ASLR implementation in Linux Kernel 3.7

by Jonathan Salwan - 2013-01-19

In this short note, we'll see how to ASLR is implemented in the Linux Kernel 3.7. The function which is called when the kernel wants to generate the pseudo random number is get_random_int(). This function is located in drivers/char/random.c.

static DEFINE_PER_CPU(__u32 [MD5_DIGEST_WORDS], get_random_int_hash);
unsigned int get_random_int(void)
{
        __u32 *hash;
        unsigned int ret;

        if (arch_get_random_int(&ret))
                return ret;

        hash = get_cpu_var(get_random_int_hash);

        hash[0] += current->pid + jiffies + get_cycles();
        md5_transform(hash, random_int_secret);
        ret = hash[0];
        put_cpu_var(get_random_int_hash);

        return ret;
}

First, the get_random_int function begins by initializing an hash with the get_cpu_var(). The get_cpu_var function returns a value for the current processor version of the variable. Then, we add some other information to generate the random number:

  • Current PID
  • Jiffies
  • Numbers of instruction cycles

The Jiffies is a kernel global variable which represents the number of time ticks (irq0) since the machine was started.

The numbers of instruction cycles is obtained with rdtsc's instruction for the Intel architectures. The call trace for the get_cycles function in the Intel architecture is :

Currently the first step for the random number is :

first_step = (random int) + (current PID) + (IRQ0 ticks) + (RDTSC)

For the second step the get_random_int function calls md5_transform with the first step. md5_transform() is the core of the MD5 algorithm, this alters an existing MD5 hash kept in buf to reflect the addition of 16 long-words of new data passed in argument.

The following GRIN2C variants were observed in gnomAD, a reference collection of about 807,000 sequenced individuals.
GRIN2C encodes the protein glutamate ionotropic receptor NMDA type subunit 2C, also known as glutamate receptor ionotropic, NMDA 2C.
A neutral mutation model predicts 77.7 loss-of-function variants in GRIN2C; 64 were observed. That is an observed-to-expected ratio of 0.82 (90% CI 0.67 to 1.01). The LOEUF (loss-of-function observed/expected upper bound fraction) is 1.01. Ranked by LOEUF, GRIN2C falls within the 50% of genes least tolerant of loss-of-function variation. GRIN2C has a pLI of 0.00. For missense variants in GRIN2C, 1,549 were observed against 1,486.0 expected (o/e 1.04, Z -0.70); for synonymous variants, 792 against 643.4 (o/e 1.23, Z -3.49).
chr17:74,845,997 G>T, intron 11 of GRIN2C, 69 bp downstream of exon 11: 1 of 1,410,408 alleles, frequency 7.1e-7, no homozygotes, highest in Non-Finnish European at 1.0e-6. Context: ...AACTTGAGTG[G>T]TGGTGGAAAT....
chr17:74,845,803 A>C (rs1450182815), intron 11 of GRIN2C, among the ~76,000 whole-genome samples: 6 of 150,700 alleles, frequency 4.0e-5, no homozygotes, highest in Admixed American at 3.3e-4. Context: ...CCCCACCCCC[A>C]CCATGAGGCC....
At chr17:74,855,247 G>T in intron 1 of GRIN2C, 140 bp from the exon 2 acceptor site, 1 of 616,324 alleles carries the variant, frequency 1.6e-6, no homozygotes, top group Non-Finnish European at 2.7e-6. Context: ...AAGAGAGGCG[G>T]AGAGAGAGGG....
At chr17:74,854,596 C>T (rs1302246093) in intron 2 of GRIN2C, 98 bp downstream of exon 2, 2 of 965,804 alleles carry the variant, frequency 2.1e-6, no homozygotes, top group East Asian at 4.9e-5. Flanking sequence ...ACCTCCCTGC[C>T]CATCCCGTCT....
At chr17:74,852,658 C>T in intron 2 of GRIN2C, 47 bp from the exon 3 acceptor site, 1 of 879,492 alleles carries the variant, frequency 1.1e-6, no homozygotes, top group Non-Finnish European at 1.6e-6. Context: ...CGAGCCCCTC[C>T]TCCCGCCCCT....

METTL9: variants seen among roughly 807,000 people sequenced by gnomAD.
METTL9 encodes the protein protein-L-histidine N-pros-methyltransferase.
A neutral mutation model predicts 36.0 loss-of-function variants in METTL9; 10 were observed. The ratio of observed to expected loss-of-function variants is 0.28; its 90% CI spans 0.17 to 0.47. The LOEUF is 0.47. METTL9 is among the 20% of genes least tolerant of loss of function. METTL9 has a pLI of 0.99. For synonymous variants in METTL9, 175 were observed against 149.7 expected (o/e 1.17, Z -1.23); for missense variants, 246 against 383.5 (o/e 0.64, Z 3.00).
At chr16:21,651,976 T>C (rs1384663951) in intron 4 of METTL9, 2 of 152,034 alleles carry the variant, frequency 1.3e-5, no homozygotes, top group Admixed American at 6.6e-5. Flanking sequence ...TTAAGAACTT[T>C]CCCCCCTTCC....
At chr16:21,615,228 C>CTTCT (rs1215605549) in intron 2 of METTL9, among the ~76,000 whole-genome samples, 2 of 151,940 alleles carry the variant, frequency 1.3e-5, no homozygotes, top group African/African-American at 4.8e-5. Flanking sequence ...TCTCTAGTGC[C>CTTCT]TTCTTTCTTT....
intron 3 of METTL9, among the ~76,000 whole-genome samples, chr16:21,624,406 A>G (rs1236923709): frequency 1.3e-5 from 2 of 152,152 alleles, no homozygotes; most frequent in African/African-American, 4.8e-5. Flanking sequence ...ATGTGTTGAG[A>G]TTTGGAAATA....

After these two steps, we have a pseudo random number really difficult to reproduce.

random_int = md5_transform((random_int + PID + IRQ0_ticks + RDTSC), random_int2)

To generate a number between two addresses, the kernel uses the randomize_range function. This function calls just the get_random_int function and applies a modulo to get a number between the 'start' and 'end' values.

unsigned long
randomize_range(unsigned long start, unsigned long end, unsigned long len)
{
        unsigned long range = end - len - start;

        if (end <= start + len)
                return 0;
        return PAGE_ALIGN(get_random_int() % range + start);
}

When the kernel loads an elf binary, the load_elf_binary function in /fs/binfmt_elf.c is called. A part of this function, is the initialization of pointers memory, like code, data, stack section. The following code is an extract of load_elf_binary function.

[...]

if (!(current->personality & ADDR_NO_RANDOMIZE) && randomize_va_space)
        current->flags |= PF_RANDOMIZE;

[...]

current->mm->end_code = end_code;
current->mm->start_code = start_code;
current->mm->start_data = start_data;
current->mm->end_data = end_data;
current->mm->start_stack = bprm->p;

#ifdef arch_randomize_brk
        if ((current->flags & PF_RANDOMIZE) && (randomize_va_space > 1)) {
                current->mm->brk = current->mm->start_brk = arch_randomize_brk(current->mm);
#ifdef CONFIG_COMPAT_BRK
                current->brk_randomized = 1;
#endif
        }
#endif

[...]

We can see that if the randomize_va_space variable is higher than 1, and the PF_RANDOMIZE flag is set, the base address of brk is randomized with the arch_randomize_brk function. The following scheme is a call trace from load_elf_binary function with the different randomization functions.